Well, not being a techie, most of your advice is well over my head. However the one I do understand, seems unlikely. I have half a dozen devices on my wireless network. Only this one has the problem. All others connect to the network without incident. This points to the Windows 10 machine as the culprit, not the router. Dell suggested updating drivers. Hopefully this will solve the issue.
Hi All, I have the same problem. After a few minutes of connecting my Dell laptop to Netgear wireless network, the whole network shuts down and I have to restart the router. It seems unlikely that the wireless adapter would somehow send a command the router to shut down, Has anyone checked if it could be because of security settings on the router? The only explanation I can think of, is that Dell wireless adapter sends some kind of signal or message which appears to be a security threat and so, the router shuts down. It could be in the security policy which is preset so I can not change it. I can only change the security level to low, medium or high. Any help on this??
I am totally not a computer person so I just arrived at this answer by Googling and guessing... it may be wrong, but this is what I did and it seems to have worked...
On my desktop computer, I right clicked on the wireless icon in the task bar, then clicking on "Change adapter settings" on the left hand side of the window that opened up. From there, right click on "WiFi" and select "Properties", then click on "Configure" and select the "Advanced" tab. There is a list of properties, one of which was (on my computer, anyway) "802.11n Preamble", which I changed from "Auto" to "Mixed mode"... my wireless connection was restored immediately, although that was only about 10 minutes ago so will see if it lasts!
Thank you KirkD. I'm using Windows 10 on a Dell Inspiron 5755 which has given me sleepless nights in diverse ways since acquisition in Nov. 2015. Your suggestions yielded a Halloween treat.
I used your primary open address suggestion with good effect, then went looking for the "n" mode. Could not find it! HOWEVER -- and this may be a Halloween treat I can offer to others experiencing "Network Adapter" failure -- in my search in Device Manager, while viewing Properties for my Network Adapter (right click on Dell WIreless...) I noticed a Tab for "Power Management." There I discovered an option to "Allow the computer to turn off this device to save power. IT WAS CHECKED. I unchecked it, and the problem evaporated. I suggest a look at properties in other devices. I found the same evil option in two other devices, but this probably varies system to system. Hope it helps.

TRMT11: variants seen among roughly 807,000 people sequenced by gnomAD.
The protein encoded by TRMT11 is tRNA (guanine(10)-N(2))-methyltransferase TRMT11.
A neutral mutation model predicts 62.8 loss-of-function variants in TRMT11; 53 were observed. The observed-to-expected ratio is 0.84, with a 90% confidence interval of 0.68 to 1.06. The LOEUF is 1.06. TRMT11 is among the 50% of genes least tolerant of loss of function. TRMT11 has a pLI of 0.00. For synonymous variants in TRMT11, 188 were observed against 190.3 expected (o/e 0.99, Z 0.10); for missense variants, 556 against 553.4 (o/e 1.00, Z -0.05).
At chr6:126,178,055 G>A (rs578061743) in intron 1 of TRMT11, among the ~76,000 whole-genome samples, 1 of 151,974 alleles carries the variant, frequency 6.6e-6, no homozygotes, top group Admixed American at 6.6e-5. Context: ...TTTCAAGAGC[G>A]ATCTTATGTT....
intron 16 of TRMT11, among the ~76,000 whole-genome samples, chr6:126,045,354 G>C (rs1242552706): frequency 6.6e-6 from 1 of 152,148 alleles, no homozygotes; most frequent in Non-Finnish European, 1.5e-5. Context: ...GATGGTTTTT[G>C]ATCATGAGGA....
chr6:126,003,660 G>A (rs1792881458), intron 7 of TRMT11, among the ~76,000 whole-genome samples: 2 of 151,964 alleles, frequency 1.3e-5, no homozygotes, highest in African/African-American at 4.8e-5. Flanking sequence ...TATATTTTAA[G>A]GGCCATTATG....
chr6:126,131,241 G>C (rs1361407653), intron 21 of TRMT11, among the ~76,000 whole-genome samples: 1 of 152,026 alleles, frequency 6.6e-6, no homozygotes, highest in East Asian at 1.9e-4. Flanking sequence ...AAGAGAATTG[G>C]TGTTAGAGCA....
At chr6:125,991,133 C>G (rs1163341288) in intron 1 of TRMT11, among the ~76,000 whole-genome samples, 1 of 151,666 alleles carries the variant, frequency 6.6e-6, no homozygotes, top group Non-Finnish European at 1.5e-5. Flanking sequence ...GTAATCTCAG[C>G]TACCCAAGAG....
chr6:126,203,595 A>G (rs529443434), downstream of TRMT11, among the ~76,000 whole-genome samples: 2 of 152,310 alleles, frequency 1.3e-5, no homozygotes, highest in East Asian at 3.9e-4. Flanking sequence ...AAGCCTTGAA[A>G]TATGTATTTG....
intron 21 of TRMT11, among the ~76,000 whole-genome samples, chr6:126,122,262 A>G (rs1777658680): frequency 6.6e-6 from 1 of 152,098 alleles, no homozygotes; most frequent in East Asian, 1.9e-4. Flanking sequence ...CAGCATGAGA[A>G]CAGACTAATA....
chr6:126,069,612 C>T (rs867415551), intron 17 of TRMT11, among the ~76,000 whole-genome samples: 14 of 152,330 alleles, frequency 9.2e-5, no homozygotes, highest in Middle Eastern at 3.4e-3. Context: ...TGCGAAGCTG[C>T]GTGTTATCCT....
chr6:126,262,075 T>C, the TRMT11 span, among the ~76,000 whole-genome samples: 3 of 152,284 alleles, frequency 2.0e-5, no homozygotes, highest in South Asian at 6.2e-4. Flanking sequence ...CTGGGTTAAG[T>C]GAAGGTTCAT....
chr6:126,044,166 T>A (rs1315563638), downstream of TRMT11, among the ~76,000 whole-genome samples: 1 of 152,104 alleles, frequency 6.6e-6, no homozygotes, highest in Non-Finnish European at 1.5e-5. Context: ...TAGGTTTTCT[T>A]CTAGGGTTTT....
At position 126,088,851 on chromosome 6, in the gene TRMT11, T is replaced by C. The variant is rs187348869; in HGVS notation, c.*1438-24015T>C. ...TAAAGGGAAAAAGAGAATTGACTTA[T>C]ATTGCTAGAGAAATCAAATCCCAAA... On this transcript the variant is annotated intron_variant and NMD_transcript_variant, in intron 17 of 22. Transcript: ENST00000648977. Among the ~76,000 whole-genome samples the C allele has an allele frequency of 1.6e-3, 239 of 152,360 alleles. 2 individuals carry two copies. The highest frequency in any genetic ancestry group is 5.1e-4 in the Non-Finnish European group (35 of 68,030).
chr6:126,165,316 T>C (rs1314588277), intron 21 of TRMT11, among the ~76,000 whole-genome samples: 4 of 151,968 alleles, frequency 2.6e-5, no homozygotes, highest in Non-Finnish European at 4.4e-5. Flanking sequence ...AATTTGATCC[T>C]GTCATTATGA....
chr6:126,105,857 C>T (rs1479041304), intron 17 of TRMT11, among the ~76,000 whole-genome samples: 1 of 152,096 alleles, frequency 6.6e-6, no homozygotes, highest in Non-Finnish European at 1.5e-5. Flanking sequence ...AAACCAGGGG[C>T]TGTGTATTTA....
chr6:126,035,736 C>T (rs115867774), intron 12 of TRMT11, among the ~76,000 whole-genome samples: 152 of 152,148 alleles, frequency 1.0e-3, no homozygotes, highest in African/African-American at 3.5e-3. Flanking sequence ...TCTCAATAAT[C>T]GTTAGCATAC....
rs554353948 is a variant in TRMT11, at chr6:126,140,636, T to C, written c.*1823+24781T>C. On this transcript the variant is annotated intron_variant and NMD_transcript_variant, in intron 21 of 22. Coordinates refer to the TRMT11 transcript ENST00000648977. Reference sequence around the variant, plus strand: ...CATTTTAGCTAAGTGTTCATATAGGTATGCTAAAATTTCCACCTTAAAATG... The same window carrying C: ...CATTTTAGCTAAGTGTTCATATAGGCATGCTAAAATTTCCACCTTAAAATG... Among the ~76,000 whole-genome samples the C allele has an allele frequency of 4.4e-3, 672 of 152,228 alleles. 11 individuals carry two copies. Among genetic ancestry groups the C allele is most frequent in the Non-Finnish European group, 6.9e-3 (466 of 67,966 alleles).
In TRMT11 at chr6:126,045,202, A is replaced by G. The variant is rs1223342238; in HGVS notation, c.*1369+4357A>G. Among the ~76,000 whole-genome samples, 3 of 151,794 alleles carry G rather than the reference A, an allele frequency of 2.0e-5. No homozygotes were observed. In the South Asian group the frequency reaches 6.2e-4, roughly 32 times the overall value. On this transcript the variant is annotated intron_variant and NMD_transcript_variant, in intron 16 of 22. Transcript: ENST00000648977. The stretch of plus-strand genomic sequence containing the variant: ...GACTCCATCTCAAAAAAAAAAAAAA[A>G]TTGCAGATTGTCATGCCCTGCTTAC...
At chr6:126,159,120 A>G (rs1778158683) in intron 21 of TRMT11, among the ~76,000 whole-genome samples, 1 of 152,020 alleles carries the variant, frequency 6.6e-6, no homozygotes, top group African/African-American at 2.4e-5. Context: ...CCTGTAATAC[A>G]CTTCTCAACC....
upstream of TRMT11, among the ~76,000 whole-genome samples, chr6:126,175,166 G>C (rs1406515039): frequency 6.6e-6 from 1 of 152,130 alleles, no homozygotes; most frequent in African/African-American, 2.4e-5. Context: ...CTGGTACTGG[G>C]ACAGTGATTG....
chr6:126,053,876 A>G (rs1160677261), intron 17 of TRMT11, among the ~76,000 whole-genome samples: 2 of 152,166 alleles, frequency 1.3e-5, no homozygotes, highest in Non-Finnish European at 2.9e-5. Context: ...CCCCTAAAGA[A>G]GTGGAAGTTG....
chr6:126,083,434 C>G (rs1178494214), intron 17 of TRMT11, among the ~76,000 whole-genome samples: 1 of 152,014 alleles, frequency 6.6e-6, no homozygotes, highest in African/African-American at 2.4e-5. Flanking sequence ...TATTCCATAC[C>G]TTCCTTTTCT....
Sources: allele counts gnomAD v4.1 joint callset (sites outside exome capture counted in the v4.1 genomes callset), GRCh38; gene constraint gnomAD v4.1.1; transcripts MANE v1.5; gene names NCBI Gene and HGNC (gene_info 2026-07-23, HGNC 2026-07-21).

Since I alluded to continuing issues I'll mention that while writing this reply I experienced four instances of the "ERRATIC JUMPING CURSOR" problem which has plagued me for nearly a year. Dell Technical Support made valiant efforts to remedy it, including two trips (for the computer) to Texas. It is still an ongoing and recurring problem. It's like buying a car, then having it spontaneously veer onto the shoulder every few miles. Usually you can get back on the road, but sometimes there's some damage, and always there's injury to that most valuable commodity -- time.
Pros_Cons (October 31, 2016)
Go9d work! This power saving option has given problems with other hardware.
For the jumping cursor,there are touchpad options and alternate drivers that can help. However, many laptops are now using a touchpad specified by Microsoft, called a Precision Touchpad. The driver for this pad is part of the Win 10 (and 😎 Operating System, and add-in drivers will not work. Don't know if the 5755 has this pad; sometimes hard to find out this info. Best thing to try is a free utility, TouchFreeze. This utility turns the pad off when you begin to type, and back on when you stop. Thus is a cure for "danglingfingeritus" which is thecause of many of these problems. With some pads, their sensitivity is so high that you don't need to actually touch the pad, just hover over it with your hand.
When I had Windows 7 I didn't have any problems with my wireless adaptor needing to be reset...ever. I now have Windows 10 and my wireless adaptor was driving me crazy needing a reset every time I logged on. BUT!!!!! I found the cure for at least my laptop. RB=right button, LB=left button.
(1) (RB) the start icon on your desktop and LB select "Network Connections"..
(2) (LB) double click on your Wi-Fi connection.
(3) (LB) select "Properties" at the bottom of the window.
(4) (LB) select "Configure".
(5) (LB) select "Power Management".
(6) Un-check "Allow the computer to turn off this device to save power".
My wireless adaptor hasn't needed a reset since and it has been weeks since I did this. I hope it works for you too.,
I agree this is the best answer. Now for the path. (RB=right mouse button)
(1) RB the Start icon
(2) Select "Network Connections"
(3) RB your Wi-Fi icon and then select "Properties"
(4) Select "Configure"
(5) Select "Power Management" and un-check the "Allow the computer to turn off this device to save power".
I had the same problem with my Dell, but only when using it in my beach house. I noticed however that the wireless connection was lost only when the adapter was idle - for instance when I was reading a page on the internet. I then went into device manager/Wireless adapter/Power Management and unchecked "Allow the computer to turn off this device to save power". That DID NOT solve the problem. I went back to device manager/wirelss adapter/advanced/Ad Hoc Channel 802.11 b/g and changed the channel default value from 1 to 2. The problem apparently went away! Wow))
Channels 1 and 2 overlap in frequency. You could still have problems. Channels 6 or 11 are better selections to use here. Problem is usually interference from things like wireless phones which are on the same frequency.